Project proposal: Implementing vertical writing support for Pango library
mathrick at mathrick org
Google Summer of Code 2006
The GNOME Project
Implementation of vertical writing support for Pango according to the CSS3 vertical writing model proposal.
Pango provides robust support for rendering of many of the world's scripts. This includes facilities such as contextual shaping, clustering, glyph substitution and Unicode-compliant BiDi (bi-directional) layout algorithm. There are, however, no provisions for displaying text running vertically, which is the traditional writing direction of many Asian scripts, including Japanese and Chinese. While support for CJK scripts within Pango today is 'good enough' and sufficient for displaying UI elements, it's not enough for adequate treatment of more elaborate texts, for which users have need and desire to be able to display them vertically. This includes wide range of applications, ranging from reading long runs of text, to browsing web pages prepared for vertical display, to WYSIWYG document processing. Additionally, there exist scripts, such as traditional Mongolian, for which no solution exists for writing them horizontally, and which require vertical writing before any kind of support for them can be added.
Today, the vertical writing support is limited to specialised applications, such as word-processors, which need to implement special modes in order to allow vertical text, often with need of significant user intervention before appropriate display of mixed text is obtained. There is little or no support for free-flow display of vertical and mixed text, and none of widely available user interfaces offer it. One traditional obstacle was lack of integrated and agreed-upon approach towards treatment of vertical text, and widespread perception that it's inherently difficult and impossible to implement within existing text frameworks oriented towards horizontal text, similar to BiDi situation a few years ago. However, with work progressing on a CSS3 proposal in W3C and related workgroups, it became apparent that vertical text can and should be treated comprehensively within existing solutions, with relatively minor and well-defined changes to the core logic. It also becomes necessary, as with CSS3 nearing completion, for the first time in computing history the vertical scripts have a chance of getting proper support from standards, and consequently, widespread adoption in publicly-available documents and World Wide Web.
Goals and deliverables
The project would consist of implementation of vertical writing support within the Pango library, according to the Unicode Technical Note #22, available at:
The tasks would include:
- Evaluation of existing APIs and necessary extension points for vertical text
- Draft of new APIs needed
- Code audit of existing shapers and language engines for their compatibility with vertical rendering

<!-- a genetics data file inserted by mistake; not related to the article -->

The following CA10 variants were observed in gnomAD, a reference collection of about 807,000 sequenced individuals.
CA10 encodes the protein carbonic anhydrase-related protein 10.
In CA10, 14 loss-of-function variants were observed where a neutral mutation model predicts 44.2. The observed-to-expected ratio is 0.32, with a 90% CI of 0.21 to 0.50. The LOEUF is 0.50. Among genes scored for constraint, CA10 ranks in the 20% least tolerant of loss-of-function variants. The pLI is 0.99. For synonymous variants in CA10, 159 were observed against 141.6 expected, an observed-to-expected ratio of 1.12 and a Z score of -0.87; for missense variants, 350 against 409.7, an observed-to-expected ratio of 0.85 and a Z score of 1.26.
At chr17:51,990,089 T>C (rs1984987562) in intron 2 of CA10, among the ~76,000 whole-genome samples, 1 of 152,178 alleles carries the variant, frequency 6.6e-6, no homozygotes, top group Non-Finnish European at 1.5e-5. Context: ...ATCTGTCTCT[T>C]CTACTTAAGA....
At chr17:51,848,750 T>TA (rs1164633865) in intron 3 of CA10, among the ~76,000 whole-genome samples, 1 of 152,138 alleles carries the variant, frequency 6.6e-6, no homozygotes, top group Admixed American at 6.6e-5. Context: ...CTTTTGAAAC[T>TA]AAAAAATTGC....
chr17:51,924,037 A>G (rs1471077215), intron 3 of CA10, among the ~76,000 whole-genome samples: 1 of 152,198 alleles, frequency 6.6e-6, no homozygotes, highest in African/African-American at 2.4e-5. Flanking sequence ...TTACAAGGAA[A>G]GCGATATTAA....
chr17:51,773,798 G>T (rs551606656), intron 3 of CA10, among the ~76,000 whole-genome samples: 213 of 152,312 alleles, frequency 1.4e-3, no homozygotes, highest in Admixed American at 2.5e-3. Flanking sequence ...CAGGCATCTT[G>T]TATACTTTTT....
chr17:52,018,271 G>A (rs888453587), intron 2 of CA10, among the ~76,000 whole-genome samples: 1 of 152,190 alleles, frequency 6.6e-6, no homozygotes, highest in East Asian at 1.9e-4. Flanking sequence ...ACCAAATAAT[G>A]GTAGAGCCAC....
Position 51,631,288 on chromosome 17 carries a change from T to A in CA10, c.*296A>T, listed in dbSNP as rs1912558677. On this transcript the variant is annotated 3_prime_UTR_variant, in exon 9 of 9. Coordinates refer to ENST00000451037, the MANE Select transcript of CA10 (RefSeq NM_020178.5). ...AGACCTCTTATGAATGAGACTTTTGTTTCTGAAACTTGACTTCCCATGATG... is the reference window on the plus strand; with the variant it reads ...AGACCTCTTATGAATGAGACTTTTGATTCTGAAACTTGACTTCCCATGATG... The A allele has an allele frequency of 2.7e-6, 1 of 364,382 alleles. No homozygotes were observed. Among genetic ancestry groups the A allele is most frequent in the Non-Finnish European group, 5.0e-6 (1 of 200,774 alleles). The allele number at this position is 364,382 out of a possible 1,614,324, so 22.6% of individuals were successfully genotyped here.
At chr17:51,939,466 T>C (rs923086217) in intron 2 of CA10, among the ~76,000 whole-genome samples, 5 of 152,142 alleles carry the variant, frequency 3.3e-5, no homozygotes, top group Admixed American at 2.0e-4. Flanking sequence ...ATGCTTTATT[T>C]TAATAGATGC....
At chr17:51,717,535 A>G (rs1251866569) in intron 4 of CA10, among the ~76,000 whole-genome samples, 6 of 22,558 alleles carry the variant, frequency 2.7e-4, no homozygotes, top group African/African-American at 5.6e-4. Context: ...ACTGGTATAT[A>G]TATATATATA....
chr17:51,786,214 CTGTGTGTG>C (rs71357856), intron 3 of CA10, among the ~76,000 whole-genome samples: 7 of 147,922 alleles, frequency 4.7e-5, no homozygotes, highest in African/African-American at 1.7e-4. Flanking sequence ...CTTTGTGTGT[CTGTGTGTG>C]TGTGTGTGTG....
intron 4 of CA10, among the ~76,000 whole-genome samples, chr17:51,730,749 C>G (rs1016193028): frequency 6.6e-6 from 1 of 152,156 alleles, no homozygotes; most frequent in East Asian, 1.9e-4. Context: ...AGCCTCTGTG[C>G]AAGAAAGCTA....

Initial naïve implementation of vertical rendering without support for mixed or BiDi text
Adjustments of the existing BiDi algorithm in the context of vertical text, as outlined in TN#22
- Testing and debugging, and porting of existing language engines and shapers (if deemed necessary by code audit)
- Preparing new APIs for consumption by higher-level GUI toolkits, particularly GTK+. This includes end-user docs and implementation of any missing APIs, such as protocol to allow higher layers to hint about preferred direction, user overrides, etc.
The desired end-goal is API and implementation suitable as the basis of vertical UI in client GUI toolkits, particularly allowing GTK+ to offer vertical text-aware widgets in a subsequent release.
- High-level logic regarding layout of multi-paragraph text. Pango naturally works on a paragraph basis, and should not try to determine base direction or multi-paragraph layout by itself, instead relying on a user, such as a GUI toolkit. Part of it may be a protocol for assisted layout, in situations such as mixed Japanese-Mongolian text, where subsequent paragraphs or even lines may run in opposite directions (right-to-left and left-to-right, respectively).
I intend to start working in the second half of May (week 20). First and start of the second task will take around a week, at which point it'll be possible to start working on task 4, which will take one to one and a half week. Initial implementation and API draft will give enough insight to perform meaningful code audit of existing modules, which should hopefully be ready for use in vertical rendering, with minor or no changes necessary. At the end of week 23 task 3 and 4 should be completed, allowing work on subsequent tasks. Each of tasks 5, 6 and 7 should take around a week, leaving about a week or two out of projected 8-9 weeks schedule for bugfixing and tying loose ends. About 4-5 weeks out of total 13 before the deadline are left aside for unrelated tasks, such as university exams and being with the family.
I am a graduate student in Computer Science, currently on an exchange programme studying at Syddansk Universitet, Denmark. I've been programming since elementary school, and involved in Open Source since high school. I've been involved in GTK+ and GNOME programming for a long time, with occasional patches contributed. I have also written a series of GTK+-related articles for IBM developerWorks, with some of them already published.
My personal interest in Pango work stems from my other hobby, natural languages, and vertical writing is particularly important to me as a Japanese language learner. I've always missed useful support for vertical text in my toolkit of choice, and was wanting to work on it for a long time.